The Technology and Innovation (T&I) sector promises to offer solutions to climate change and sustainability related issues, but those solutions often come with costs, some of which may lead to legal disputes.

Market trends lead us to believe that we may see increased legal action against the T&I sector due to, for example, increased energy use (resulting in carbon emissions), increased consumption of limited resources, disposal of hazardous materials, patent disputes, service or supply chain interruptions due to weather, and false advertising associated with sustainability claims.

The T&I sector faces climate change related disputes risks, in part, due to its dependency on natural resources such as water and rare earth metals1 and its generation of byproducts such as carbon emissions and hazardous waste.2 The industry’s dependency on natural resources such as water and rare earth metals come with environmental costs.3 For example, as demand for energy-dense batteries increases, lithium mining—and the associated water consumption—is growing; lithium miners use about 500,000 gallons of water per ton of lithium in evaporation pools.4 Along with massive water consumption, lithium mining produces pollutants in the ground, water, and air affecting surrounding communities.5  Pollution and environmental degradation produced by some players in the sector may expose them to lawsuits filed by governmental agencies, environmental groups, and mining communities, for example.6 The demand, however, for new batteries, and the need to dispose of old batteries, continues to grow; “it is estimated that between 2021 and 2030, about 12.85 million tons of EV lithium ion batteries will go offline worldwide, and over 10 million tons of lithium, cobalt, nickel and manganese will be mined.”7  To reduce their legal exposure, companies in the T&I sector should be mindful of the impacts associated with fabrication and decommissioning of their products.8 This sector will need to continue to consider its environmental footprint, even as it responds to market demands to develop solutions to challenges caused by climate change.

The prevalence of digital communications such as video conferencing has allowed some industries to reduce their carbon footprint due to reduced travel. However, other industries, including some in the T&I sector, have seen an increasing demand for power. One example is power-hungry servers in datacenters (that also need to be cooled). We have seen players in the T&I sector invest significant resources in reducing power consumption and some attempts to “go to zero” net emissions.”9 However, as new technologies are developed to help decrease greenhouse emissions, power consumption, or reduce hazardous waste, we expect that many of those technologies to be patented in various jurisdictions around the world. As a result, we expect to see an increase in patent disputes in the future in district courts and/or the ITC related to technologies aimed at combatting climate change.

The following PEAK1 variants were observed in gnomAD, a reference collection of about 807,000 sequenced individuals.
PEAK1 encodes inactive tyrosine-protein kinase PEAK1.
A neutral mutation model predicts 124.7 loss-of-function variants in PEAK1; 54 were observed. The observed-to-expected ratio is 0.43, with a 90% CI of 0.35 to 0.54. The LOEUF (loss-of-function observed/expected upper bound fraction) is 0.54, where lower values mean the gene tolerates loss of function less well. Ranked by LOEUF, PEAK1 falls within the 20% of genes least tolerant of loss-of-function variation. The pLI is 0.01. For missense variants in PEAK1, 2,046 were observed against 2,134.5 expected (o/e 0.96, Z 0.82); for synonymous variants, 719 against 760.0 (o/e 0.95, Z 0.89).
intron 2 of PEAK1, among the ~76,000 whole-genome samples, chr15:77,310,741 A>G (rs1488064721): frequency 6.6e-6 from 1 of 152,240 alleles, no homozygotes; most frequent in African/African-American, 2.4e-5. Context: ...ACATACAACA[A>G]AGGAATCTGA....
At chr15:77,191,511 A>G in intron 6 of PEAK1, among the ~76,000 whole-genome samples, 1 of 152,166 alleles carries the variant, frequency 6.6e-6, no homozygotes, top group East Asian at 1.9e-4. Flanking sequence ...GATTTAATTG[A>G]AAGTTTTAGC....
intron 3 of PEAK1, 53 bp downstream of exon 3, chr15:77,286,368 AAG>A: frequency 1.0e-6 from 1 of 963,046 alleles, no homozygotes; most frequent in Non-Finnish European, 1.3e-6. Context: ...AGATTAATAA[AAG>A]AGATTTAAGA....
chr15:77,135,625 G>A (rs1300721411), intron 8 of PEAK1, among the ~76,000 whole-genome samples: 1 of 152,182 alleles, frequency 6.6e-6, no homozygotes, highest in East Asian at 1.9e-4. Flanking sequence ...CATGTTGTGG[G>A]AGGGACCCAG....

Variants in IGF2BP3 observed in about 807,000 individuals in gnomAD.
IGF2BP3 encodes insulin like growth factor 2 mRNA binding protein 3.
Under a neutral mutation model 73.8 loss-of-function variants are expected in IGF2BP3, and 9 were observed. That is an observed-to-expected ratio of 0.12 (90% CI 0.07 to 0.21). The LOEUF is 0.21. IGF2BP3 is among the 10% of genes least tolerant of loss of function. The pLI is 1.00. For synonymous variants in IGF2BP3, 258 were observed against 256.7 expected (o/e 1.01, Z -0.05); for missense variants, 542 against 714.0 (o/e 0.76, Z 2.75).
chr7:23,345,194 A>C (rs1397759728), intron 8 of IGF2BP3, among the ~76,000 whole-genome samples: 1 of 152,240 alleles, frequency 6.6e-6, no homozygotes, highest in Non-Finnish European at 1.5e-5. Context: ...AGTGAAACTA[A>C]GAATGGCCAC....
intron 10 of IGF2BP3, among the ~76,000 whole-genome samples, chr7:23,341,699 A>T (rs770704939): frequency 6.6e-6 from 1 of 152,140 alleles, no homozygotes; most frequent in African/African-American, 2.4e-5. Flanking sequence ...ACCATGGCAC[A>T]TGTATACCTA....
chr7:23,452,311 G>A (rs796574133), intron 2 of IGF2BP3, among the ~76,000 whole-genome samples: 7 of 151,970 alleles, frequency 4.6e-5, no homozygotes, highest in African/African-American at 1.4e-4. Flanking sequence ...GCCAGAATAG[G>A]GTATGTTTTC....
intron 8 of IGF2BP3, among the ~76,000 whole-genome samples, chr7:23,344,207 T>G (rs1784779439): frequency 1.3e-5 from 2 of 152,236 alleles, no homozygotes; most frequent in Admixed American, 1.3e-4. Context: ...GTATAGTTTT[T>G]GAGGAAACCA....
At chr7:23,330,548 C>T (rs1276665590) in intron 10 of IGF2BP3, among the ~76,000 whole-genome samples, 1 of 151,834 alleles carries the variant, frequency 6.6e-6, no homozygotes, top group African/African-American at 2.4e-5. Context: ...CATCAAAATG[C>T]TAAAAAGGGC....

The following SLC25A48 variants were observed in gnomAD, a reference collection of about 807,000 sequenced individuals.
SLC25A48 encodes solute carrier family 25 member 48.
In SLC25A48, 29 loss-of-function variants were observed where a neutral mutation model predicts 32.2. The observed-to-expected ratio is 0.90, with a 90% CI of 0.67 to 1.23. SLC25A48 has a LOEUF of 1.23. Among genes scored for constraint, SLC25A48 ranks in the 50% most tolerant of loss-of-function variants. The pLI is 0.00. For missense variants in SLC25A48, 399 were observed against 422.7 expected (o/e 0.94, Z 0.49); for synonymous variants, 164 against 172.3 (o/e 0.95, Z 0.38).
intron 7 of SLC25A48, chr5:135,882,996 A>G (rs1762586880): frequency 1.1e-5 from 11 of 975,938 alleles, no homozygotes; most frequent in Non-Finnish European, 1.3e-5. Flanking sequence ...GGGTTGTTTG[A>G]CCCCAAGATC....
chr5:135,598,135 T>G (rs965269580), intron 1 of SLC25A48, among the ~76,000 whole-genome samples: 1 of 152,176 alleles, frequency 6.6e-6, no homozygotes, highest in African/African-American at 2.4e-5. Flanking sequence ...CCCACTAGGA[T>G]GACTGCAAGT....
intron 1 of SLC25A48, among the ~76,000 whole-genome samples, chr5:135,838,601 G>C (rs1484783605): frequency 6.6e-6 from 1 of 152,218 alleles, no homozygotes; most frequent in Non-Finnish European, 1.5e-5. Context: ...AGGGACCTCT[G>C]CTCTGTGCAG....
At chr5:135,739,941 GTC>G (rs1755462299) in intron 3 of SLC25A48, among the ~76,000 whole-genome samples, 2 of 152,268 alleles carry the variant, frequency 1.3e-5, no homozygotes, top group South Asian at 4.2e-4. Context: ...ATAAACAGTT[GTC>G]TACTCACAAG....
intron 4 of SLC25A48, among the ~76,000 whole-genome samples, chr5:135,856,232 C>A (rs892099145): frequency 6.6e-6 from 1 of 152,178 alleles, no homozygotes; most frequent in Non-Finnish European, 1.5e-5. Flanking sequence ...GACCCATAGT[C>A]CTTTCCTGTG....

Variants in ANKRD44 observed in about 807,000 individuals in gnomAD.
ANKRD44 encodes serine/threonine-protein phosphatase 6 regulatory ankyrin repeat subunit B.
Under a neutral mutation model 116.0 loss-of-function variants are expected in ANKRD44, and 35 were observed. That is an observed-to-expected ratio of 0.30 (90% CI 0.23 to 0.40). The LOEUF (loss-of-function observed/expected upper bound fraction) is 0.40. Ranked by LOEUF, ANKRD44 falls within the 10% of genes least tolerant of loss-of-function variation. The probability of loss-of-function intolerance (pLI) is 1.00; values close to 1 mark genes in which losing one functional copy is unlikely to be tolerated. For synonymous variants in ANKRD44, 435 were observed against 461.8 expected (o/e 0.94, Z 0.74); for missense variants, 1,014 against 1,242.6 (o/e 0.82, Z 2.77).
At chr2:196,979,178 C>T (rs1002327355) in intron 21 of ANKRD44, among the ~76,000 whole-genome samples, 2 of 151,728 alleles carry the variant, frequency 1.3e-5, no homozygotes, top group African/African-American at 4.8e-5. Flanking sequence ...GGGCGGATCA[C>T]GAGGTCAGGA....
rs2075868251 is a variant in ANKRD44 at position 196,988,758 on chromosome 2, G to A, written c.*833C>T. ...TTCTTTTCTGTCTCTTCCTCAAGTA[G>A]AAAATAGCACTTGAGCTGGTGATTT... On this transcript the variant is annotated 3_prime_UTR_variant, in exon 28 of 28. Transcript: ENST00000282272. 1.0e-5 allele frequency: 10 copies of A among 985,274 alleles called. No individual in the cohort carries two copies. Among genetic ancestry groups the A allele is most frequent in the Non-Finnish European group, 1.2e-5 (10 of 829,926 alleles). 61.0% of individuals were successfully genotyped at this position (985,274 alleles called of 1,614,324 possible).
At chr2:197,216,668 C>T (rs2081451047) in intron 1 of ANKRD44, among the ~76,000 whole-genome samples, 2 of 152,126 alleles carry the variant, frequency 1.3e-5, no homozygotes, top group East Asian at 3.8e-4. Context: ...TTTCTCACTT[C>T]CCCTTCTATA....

We have also seen an increase in dispute risks associated with climate change in the United States due to interruption of service due to weather. For example, a recent winter storm in Texas resulted in massive power outages and caused a major technology company to shut down a semiconductor fabrication plant in Austin for more than a month, which likely cost the company hundreds of millions of dollars. Climate change threatens to increase such service interruptions throughout the T&I sector, which can also lead to downstream effects such as interruptions in the supply chain. Some manufacturers, such as car manufacturers, depend on just-in-time delivery to reduce their parts inventory, including their inventory for integrated circuits. Not surprisingly, we have seen dispute threats made against chip suppliers due to these climate-related supply chain interruptions.10 Climate change, and associated business interruptions, are likely to result in increased future disputes.

Another area in which we have seen increased disputes risk is in false or deceptive advertising resulting from sustainability claims made, in part, in response to climate change. Companies operating in the U.S. have faced Federal Trade Commission (FTC) enforcement actions, along with consumer or competitor-led lawsuits claiming false advertising or misleading marketing claims relating to sustainable operation or manufacturing processes.11 Companies may look to mitigate such risks by carefully considering their sustainability claims and avail themselves of resources such as the FTC’s “Green Guides.”12 Industry should also consider the reporting requirements may vary across borders; for example, the European Union “ha[s] adopted mandatory [environmental, social, and governance (ESG)] reporting requirements.”13

Although climate change may lead to increased disputes risk across the T&I sector, companies in the T&I sector may be able to reduce that risk by identifying and understanding the causes of the risk and, if possible, taking preventative measures.


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Global Head of Technology
Global Co-leader, Digital Transformation Practice
Global head of FinTech
Partner, Canadian Head of Technology and Canadian Co-Head of Cybersecurity and Data Privacy

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